This superhuman ability to become so many unique others without any superficial add-ons or props can be attributed only to Bharat Gopy’s ‘advaitic’ instinct, his supremely evolved state of spirituality. The instinct is so prominent that his understanding of, and transformation into, the character is absolute. He does not seem to be the other, he is the other. The indisputable ownership of alternative mindscapes could cause problems in ways the actor cannot be held responsible. At times, like the maverick ways of God, the behaviour of some of Bharath Gopy’s characters is hard to comprehend. The inept panchayat president Dushassana Kurup from Panchavadippalam (1984) is a telling example.
Dushassana Kurup’s speech from Panchavadippalam (1984)
At one point in the film, a public meeting is organised to commemorate Kurup’s completion of 10 years as panchayat president. Kurup is now called to speak. He had been earlier told by his lackeys to give a thundering speech. So right from the start, Dushassana Kurup speaks at a pitch that threatens to splinter his vocal chords. He strains so much that he seems to elongate with every word.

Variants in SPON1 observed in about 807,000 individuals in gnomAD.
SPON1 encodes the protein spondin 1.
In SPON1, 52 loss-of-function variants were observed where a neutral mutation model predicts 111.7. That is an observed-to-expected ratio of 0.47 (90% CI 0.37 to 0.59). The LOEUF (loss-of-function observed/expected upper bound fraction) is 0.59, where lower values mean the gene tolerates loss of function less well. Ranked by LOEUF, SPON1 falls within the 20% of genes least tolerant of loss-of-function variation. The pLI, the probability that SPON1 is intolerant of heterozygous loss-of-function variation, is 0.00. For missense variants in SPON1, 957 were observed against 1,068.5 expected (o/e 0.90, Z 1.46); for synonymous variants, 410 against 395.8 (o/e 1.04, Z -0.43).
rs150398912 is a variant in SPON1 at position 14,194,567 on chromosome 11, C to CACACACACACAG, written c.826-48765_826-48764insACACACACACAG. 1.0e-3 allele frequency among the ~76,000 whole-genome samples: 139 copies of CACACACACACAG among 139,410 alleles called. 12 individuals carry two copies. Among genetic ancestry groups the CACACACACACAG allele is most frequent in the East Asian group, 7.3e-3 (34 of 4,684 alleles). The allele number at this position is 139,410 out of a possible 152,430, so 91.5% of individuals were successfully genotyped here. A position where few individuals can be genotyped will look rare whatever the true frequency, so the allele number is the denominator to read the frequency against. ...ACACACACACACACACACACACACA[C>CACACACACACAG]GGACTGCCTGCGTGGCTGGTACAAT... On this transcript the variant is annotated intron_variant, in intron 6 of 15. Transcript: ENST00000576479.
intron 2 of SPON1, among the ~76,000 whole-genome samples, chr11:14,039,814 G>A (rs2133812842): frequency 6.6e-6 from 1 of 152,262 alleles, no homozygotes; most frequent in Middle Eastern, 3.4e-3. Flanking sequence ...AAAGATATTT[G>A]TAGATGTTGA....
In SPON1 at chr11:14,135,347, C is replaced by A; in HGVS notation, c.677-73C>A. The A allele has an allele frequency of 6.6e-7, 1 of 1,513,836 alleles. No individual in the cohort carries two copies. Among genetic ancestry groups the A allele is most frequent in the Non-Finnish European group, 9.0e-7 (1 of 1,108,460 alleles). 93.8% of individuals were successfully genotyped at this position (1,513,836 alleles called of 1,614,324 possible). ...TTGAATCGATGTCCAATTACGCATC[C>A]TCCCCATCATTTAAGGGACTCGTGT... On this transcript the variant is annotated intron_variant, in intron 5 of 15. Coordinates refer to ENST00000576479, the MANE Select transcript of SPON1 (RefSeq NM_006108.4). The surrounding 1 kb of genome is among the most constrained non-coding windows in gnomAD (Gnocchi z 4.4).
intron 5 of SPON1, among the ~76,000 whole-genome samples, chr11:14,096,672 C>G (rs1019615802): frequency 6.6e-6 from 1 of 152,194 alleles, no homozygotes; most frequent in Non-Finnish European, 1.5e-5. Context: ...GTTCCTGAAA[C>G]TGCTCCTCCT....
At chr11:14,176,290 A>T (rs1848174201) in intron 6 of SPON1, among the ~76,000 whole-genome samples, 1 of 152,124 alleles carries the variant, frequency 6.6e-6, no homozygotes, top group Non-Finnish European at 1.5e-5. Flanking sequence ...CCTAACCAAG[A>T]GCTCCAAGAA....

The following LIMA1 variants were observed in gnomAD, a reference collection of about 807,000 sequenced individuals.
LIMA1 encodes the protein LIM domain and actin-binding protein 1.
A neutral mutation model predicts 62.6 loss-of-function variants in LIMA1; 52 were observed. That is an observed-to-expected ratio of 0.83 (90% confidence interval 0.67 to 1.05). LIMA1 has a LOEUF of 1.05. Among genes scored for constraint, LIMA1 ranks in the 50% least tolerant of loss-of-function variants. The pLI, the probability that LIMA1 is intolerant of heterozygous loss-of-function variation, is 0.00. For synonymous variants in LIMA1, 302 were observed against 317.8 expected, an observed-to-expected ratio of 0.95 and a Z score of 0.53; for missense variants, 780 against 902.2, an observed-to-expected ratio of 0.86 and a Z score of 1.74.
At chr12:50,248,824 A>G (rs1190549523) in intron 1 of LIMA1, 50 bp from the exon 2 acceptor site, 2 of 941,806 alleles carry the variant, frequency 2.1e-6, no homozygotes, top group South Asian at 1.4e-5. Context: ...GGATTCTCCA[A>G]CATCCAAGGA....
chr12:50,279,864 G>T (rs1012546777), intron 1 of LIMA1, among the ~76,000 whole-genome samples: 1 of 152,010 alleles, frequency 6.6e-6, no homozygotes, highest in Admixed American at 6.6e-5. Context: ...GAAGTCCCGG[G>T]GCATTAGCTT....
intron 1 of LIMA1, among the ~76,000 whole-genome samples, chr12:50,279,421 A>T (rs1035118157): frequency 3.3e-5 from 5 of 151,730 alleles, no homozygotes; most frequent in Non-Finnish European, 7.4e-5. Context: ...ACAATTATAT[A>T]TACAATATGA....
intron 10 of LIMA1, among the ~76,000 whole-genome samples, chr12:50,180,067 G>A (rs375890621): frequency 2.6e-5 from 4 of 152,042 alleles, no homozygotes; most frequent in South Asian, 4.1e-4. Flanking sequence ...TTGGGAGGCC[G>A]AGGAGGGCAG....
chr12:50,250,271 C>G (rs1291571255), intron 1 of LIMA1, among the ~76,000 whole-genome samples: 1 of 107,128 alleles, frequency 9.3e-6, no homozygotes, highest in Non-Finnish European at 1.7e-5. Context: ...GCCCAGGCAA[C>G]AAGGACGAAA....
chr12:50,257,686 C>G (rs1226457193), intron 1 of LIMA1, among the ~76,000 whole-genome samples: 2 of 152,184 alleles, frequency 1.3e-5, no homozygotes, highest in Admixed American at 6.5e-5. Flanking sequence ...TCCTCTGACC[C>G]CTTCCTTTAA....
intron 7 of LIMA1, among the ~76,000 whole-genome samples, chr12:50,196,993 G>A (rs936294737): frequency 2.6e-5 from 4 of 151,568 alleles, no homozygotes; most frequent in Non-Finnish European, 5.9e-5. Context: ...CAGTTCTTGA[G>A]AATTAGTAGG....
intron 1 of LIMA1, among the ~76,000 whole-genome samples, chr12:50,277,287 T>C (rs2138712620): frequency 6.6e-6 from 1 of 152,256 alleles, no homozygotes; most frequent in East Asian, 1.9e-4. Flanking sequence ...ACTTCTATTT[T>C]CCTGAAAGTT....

The film’s director K G George once said: “There were people who told me that scene was not funny and that it was suffocating to watch Gopy’s performance. But what they did not factor in was Dushassana Kurup’s nature. This man is intellectually-challenged. He was told to deliver a thundering speech and he, in his stupidity, thought it meant he had to sound as ear-splitting as possible. The guy would have ceased to be Dushassana Kurup had Gopy delivered the speech even half-a-pitch lower. Gopy knows better.”
Bharat Gopy creates his own epics within the context of each of his films. Except for some physical similarities, there is nothing that connects one Bharat Gopy character with another. At the most they can be grouped under a single heading, under a single sub-caste.
Like poet Mirza Ghalib and Saddam Hussein are Shias or Ernest Hemmingway and Bollywood actor John Abraham are Catholics, Ayyappan and Sankarankutty can be called Gopys.